Battling ransomware expenses and compliance concern
Ransomware attacks have emerged as a prominent cyber threat that organisations must confront in the present day. Immediate operational disruption and long-term legal and compliance challenges are the two dangers posed by such attacks.
The average cost of ransom has increased by 13% in just six months, to over USD 258’000, according to the State of Ransomware 2022 report by cybersecurity company BlackFog. Nevertheless, the true economic ramifications transcend the ransom. The average cost of a data breach, as estimated by IBM’s 2023 Cost of a Data Breach Report, is USD 4.54 million. This figure takes into consideration reputational damage and downtime.
Regulatory penalties have the potential to significantly increase these expenses beyond the scope of the attack. Fines under the GDPR may reach 4% of the annual global turnover of a company, or EUR 20 million. California privacy laws permit plaintiffs to recover damages ranging from USD 100 to USD 750 per person per incident. High-risk sectors like healthcare and finance face additional regulatory layers. Companies risk reputational harm in addition to financial repercussions. Regulatory inquiries may engender adverse media attention and undermine public confidence, particularly when industry-specific governing bodies are implicated.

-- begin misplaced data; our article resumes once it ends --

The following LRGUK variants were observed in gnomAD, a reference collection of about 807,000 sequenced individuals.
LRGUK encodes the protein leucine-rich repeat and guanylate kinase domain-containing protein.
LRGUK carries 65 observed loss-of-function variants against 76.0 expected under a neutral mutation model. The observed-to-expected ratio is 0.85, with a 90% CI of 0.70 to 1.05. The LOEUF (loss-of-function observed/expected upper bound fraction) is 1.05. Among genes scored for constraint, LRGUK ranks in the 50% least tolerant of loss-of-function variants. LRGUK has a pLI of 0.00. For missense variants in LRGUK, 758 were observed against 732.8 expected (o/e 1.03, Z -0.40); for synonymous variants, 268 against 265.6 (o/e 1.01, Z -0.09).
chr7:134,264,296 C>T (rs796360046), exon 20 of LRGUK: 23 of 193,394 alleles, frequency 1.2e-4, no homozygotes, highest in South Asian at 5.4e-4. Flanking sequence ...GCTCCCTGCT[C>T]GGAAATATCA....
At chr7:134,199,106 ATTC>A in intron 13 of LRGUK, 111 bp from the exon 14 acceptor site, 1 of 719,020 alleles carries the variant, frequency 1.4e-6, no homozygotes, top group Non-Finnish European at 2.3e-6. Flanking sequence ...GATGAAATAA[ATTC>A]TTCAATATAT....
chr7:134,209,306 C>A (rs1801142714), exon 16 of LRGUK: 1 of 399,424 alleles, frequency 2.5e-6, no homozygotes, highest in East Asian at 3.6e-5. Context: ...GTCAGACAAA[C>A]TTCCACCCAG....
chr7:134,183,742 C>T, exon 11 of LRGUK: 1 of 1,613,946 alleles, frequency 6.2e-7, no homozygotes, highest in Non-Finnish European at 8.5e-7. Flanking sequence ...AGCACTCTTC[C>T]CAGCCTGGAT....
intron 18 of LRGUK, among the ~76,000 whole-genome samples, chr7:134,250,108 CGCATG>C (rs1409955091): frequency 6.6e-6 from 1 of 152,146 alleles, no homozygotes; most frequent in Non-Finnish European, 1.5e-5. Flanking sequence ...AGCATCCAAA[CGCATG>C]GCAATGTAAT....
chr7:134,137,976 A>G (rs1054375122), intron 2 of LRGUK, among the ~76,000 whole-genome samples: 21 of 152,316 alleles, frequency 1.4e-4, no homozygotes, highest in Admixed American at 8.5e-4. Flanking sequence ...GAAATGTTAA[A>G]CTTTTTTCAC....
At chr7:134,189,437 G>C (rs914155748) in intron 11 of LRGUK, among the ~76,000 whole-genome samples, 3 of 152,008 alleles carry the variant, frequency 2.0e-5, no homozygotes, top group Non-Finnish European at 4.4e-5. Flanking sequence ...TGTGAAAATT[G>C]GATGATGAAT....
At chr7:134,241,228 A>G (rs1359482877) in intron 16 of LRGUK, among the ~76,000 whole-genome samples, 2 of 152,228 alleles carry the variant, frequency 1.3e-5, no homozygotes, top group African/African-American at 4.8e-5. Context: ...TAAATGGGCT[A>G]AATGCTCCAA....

Considering these expenses and compliance concerns, it is imperative that organisations reduce their susceptibility to severe ransomware attacks and data breaches. This requires a proactive strategy to proactively address the issue. In a recently published article, Darren Williams thus proposes adopting a proactive stance and presents the most important data protection measures for compliance.
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